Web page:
Shattered, soul-less husks, wandering in an alien landscape — such is the impression given by the Holocaust-eviscerated characters in Isaac Bashevis Singer’s 1966 Yiddish novel “Enemies, A Love Story.” Paul Mazursky made a film of it in 1990, starring Ron Silver, Anjelica Huston and Lena Olin.
Now comes the Gesher Theater of Tel Aviv’s acclaimed dramatic version of the novel; it arrives next weekend at Lincoln Center’s Rose Hall, in honor of the 65th anniversary of Israel’s founding. It will be performed in Hebrew with simultaneous translation, through headphones, in English and Russian.
Directed by the company’s artistic director, Yevgeny Arye, “Enemies” centers on Herman Broder (Sasha Demidov), a somber but hedonistic survivor who was hidden in a hayloft by a Polish servant, Yadwiga (Natalia Voitulevich-Manor). After marrying her and bringing her with him to New York, Broder falls into the arms of a Jewish mistress, Masha (Efrat Ben-Zur), and then is stunned to discover that his first wife, Tamara (Ruth Heilovsky) is still alive. As he attempts to weave an ever-more dizzying web of sexual relationships, Broder finds his life spinning unsettlingly out of control.
Arye and the other principals of Gesher immigrated to Israel from Russia more than two decades ago. The company has staged many acclaimed productions, such as Alexander Chervinsky’s “Adam Resurrected,” based on Yoram Kaniuk’s 1968 Israeli novel of the same name (Paul Schrader made a film based on the novel in 2008), a drama about a former circus star from Berlin who is forced to perform for the Nazis. “Enemies” is the third part of a trilogy of Singer’s works that Gesher has presented, following “The Slave” and “Shosha” — performed in New York in repertory in 2004.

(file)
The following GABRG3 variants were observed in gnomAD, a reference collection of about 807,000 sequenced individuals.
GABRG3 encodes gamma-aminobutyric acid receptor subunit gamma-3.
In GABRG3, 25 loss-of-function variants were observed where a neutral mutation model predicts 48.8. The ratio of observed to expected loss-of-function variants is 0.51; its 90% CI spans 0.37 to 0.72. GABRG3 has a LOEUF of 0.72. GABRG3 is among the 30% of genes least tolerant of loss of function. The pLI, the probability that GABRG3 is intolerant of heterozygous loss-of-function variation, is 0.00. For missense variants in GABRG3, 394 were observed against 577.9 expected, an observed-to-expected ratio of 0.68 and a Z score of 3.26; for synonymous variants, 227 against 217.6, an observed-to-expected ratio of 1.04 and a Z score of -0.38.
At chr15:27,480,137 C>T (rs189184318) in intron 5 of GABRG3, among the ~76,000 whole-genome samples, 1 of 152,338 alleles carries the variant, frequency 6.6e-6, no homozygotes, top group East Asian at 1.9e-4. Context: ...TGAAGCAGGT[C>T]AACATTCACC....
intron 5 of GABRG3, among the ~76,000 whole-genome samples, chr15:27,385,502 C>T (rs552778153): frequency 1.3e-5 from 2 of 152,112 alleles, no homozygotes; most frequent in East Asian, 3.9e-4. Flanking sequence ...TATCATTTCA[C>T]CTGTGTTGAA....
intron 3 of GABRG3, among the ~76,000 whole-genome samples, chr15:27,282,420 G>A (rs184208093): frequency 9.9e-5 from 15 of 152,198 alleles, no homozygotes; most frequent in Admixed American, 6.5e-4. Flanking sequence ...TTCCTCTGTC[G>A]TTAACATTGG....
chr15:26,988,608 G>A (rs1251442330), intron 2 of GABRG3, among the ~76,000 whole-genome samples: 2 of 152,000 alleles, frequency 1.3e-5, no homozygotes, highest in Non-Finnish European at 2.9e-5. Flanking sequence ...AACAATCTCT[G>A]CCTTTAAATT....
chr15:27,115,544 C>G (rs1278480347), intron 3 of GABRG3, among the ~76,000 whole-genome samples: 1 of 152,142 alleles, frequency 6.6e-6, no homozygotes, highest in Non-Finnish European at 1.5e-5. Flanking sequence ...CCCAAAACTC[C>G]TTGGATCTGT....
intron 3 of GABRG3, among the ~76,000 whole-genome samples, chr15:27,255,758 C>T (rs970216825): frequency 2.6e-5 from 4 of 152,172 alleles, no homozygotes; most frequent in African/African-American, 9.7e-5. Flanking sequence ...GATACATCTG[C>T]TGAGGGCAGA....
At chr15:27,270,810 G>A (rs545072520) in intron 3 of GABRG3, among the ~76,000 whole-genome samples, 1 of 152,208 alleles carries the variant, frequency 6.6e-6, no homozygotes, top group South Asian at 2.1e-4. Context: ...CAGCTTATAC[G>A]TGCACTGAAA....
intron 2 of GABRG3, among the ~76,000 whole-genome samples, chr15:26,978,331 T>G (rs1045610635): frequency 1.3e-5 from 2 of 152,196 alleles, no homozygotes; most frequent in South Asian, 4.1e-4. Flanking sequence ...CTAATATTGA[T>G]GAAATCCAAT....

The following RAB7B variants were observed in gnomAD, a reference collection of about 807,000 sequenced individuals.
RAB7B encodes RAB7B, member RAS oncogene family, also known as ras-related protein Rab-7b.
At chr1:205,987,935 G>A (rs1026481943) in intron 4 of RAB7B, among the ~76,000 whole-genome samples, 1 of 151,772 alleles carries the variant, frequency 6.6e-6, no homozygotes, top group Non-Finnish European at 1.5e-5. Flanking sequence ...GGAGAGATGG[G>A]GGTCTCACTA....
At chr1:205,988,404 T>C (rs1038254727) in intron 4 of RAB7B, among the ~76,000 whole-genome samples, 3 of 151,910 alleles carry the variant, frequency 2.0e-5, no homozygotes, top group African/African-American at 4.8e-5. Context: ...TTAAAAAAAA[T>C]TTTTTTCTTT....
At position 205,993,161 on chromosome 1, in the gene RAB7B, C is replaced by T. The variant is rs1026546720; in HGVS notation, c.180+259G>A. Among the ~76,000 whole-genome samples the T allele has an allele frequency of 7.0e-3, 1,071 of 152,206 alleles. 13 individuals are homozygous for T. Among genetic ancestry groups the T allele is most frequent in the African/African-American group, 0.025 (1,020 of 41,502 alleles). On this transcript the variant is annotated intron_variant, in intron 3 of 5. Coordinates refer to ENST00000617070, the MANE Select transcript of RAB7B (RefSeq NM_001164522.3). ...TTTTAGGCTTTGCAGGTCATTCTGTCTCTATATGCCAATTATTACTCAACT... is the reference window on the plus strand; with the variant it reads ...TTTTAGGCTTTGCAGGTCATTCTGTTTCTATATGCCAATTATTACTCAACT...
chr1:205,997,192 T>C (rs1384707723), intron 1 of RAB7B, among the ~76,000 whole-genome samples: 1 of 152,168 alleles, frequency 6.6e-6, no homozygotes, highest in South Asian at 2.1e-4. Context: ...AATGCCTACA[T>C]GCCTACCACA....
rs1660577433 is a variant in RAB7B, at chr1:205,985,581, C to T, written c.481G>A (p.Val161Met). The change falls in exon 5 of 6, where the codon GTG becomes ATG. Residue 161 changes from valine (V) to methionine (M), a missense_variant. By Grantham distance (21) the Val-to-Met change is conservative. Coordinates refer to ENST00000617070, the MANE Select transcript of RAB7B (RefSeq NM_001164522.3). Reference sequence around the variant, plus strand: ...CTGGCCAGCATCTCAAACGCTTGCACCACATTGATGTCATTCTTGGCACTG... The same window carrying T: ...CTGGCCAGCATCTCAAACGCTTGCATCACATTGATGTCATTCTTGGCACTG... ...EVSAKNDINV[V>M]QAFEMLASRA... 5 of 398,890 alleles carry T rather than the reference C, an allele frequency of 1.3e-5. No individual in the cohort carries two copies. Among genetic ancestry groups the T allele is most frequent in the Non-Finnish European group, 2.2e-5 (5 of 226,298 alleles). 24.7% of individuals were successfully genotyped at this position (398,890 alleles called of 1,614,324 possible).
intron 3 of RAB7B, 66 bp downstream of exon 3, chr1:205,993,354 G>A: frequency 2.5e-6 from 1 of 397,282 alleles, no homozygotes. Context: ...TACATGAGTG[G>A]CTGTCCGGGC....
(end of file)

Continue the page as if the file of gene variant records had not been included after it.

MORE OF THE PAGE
“Enemies,” which Arye adapted with dramaturge Roee Chen, has appeared across the globe, from Beijing to Bogota. The stage designer, Simon Pastuch, used the New York City subway system to structure the play; each station becomes, as Arye told Metro Beijing (the website for Beijing’s Global Times), “an entrance to the next level of madness.” The director insisted that “Enemies” is “not about death; it’s about life after death and about the fate of those who miraculously survived and were condemned to go on, being chased by the ghosts of their past.”
In an interview over blintzes at the Edison Café, the general director of the Gesher, Lena Kreindlin, told The Jewish Week that Singer “wrote about immoral things, but in a Jewish way.” She said that Gesher, which means “bridge” in Hebrew, is repeatedly drawn to Singer’s work, since the Nobel Prize-winning author “connected West and East, peace and war, love and beauty, literature and life.”
“Enemies, a Love Story” runs from June 6 to June 9 at the Frederick P. Rose Center, Jazz at Lincoln Center. Performances are Thursday through Saturday at 8 p.m., and Sunday at 2 p.m. For tickets, $45-$135, call CenterCharge at (212) 721-6500 or visit www.jalc.org.